David Lynch’s Inland Empire, which runs 172 minutes, keeps collapsing in on itself. This is sure to frustrate most people, even Lynch fans. (I was not a big Lynch fan until the glorious Mulholland Drive, a major, sensuous film about Hollywood, tragic love fantasies and the cult of Marilyn Monroe.) Inland Empire hearkens back to Blue Velvet with its scary ladies of the evening at war with feral little men; at the other end of the spectrum, Jeremy Irons’ ineffectual film director and especially Justin Theroux’s degraded, powerless ladies’ man are male figures of echoing hollowness, nothing more than useless little boys. The women here eventually stand tall together in a sort of matriarchal utopia: as Andrew Sarris would say, “Cherchez la femme.” Inland Empire is a film ravishingly in love with women, and one tall woman in particular: Laura Dern. The sunny symbol of normalcy in Blue Velvet, Dern has grown into an open-faced, mature actress of some power. She’s sometimes over-explicit in other movies, usually doing too much with her face, but Lynch holds her in check, terrorizing her a good deal (she’s touchingly childlike in an ordeal), but raising her up on a Falconetti-pedestal in the end.
Let’s begin with the ending, which takes place under the closing credits and is set to Nina Simone’s scorching rendition of “Sinnerman.” Laura Harring, the raven-haired beauty of Mulholland Drive, blows a kiss to Dern, who has just gone through three hours of truly arduous psychic wear and tear. As Dern sits prettily on a couch with the neglected beauty Nastassja Kinski, girls dance jubilantly around the room and one girl in particular lip-synchs to Nina’s growling vocal. This is a perfect match-up of singer and movie: Simone’s hesitations towards the climax of the song are just as indulgent as some of the early scenes in Inland Empire, but when an artist is as far-reaching as Lynch or Simone we should happily go along with some of their nonsense in order to get to their wild highs and scathing lows. The tragedy of Mulholland Drive is reversed: femme fatale Haring, who broke Naomi Watts’ heart, looks generous and tender in Inland Empire, no longer withholding her affection, but giving it freely, maternally. Her ripe sexuality is still there, but its manipulations have been smoothed away. The only thing we really need in this paradisial conclusion would be to have Sheryl Lee’s Laura Palmer break out of the ice and get a hug from the girls.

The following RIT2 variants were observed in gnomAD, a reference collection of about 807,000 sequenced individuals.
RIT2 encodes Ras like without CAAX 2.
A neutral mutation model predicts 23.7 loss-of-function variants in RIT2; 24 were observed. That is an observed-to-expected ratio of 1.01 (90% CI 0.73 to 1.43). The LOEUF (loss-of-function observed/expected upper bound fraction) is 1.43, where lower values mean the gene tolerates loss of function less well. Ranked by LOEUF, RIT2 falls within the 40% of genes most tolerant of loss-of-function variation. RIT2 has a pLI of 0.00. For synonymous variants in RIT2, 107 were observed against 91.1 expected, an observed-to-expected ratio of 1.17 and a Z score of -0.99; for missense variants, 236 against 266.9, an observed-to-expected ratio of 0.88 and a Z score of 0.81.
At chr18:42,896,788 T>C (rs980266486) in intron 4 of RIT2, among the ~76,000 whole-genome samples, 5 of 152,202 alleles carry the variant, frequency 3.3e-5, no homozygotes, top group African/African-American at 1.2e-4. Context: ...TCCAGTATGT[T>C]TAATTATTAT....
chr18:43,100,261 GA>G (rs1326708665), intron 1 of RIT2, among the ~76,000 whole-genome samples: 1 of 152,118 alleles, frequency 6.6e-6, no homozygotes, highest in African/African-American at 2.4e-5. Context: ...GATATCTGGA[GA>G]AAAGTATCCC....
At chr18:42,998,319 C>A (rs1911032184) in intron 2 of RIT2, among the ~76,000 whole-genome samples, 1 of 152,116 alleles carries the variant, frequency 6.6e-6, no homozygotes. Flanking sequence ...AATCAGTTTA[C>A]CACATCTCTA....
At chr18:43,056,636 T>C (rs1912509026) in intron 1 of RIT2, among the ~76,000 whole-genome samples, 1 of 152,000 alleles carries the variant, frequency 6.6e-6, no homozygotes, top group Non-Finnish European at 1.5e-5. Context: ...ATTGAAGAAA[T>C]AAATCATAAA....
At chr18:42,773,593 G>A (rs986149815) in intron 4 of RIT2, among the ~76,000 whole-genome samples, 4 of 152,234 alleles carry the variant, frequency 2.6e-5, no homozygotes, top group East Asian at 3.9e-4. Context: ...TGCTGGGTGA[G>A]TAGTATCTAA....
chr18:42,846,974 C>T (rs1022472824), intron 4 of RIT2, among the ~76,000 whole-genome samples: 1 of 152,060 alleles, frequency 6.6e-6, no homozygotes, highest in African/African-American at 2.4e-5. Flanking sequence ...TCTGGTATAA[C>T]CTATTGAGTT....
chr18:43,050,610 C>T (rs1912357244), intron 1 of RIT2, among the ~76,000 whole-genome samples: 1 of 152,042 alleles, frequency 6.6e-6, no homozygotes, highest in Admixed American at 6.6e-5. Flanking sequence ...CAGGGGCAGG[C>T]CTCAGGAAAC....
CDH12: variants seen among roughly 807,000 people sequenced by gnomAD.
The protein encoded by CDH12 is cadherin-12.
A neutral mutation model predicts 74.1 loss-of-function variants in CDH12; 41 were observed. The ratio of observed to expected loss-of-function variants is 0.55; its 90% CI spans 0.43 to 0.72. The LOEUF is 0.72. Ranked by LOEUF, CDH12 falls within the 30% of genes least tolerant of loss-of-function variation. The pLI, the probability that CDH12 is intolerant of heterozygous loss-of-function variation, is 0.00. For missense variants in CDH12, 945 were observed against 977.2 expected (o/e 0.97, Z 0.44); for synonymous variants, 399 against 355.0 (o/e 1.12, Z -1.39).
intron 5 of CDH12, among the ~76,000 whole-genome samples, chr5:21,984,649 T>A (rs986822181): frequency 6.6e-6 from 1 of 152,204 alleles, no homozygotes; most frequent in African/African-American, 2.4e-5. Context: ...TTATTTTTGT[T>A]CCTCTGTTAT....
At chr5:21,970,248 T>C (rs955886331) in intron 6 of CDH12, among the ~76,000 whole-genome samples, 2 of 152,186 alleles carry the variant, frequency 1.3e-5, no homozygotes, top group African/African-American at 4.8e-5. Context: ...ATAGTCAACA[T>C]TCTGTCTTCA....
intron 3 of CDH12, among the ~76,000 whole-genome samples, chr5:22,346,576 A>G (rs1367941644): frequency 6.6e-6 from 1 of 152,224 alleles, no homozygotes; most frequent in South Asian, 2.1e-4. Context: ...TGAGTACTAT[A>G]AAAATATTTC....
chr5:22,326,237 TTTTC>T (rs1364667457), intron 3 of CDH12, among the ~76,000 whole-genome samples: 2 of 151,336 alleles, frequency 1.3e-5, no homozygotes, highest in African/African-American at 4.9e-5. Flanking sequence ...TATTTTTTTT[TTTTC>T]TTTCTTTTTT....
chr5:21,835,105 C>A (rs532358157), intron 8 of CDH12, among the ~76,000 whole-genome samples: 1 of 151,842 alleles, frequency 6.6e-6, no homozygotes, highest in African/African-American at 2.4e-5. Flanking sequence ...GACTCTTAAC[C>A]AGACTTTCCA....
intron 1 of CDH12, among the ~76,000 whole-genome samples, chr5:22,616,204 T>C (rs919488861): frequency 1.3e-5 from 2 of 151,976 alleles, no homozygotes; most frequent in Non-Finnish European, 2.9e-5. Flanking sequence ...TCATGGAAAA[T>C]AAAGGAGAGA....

Inland Empire was shot on consumer grade DV, and the surprise is how sumptuous it looks, with its dreamy dissolves, the red of Dern’s lips bleeding into a huge ketchup stain on a white shirt, the blue of a desperate sex scene transforming Theroux’s wasted face into a sort of Picasso painting on impotence. Lynch perches his camera right on people’s faces for numerous close-ups, and the effect should be Ken Russell-grotesque, but it never is. Why? Difficult to say, except that the people seem to be shot with love and gentle concentration, as if the director was trying to find new ways to look at the human face, until the faces open up like flowers. Grace Zabriskie begins the film in dragon-lady mode, with a heavy accent (she’s very funny), so that it has a huge impact when, hours later, we see her face again, and it suddenly seems disarmingly pretty, as if a mask has dropped away. And always there is Dern’s face, that long landscape of nose and chin, like a giant high school prom queen just beginning to melt.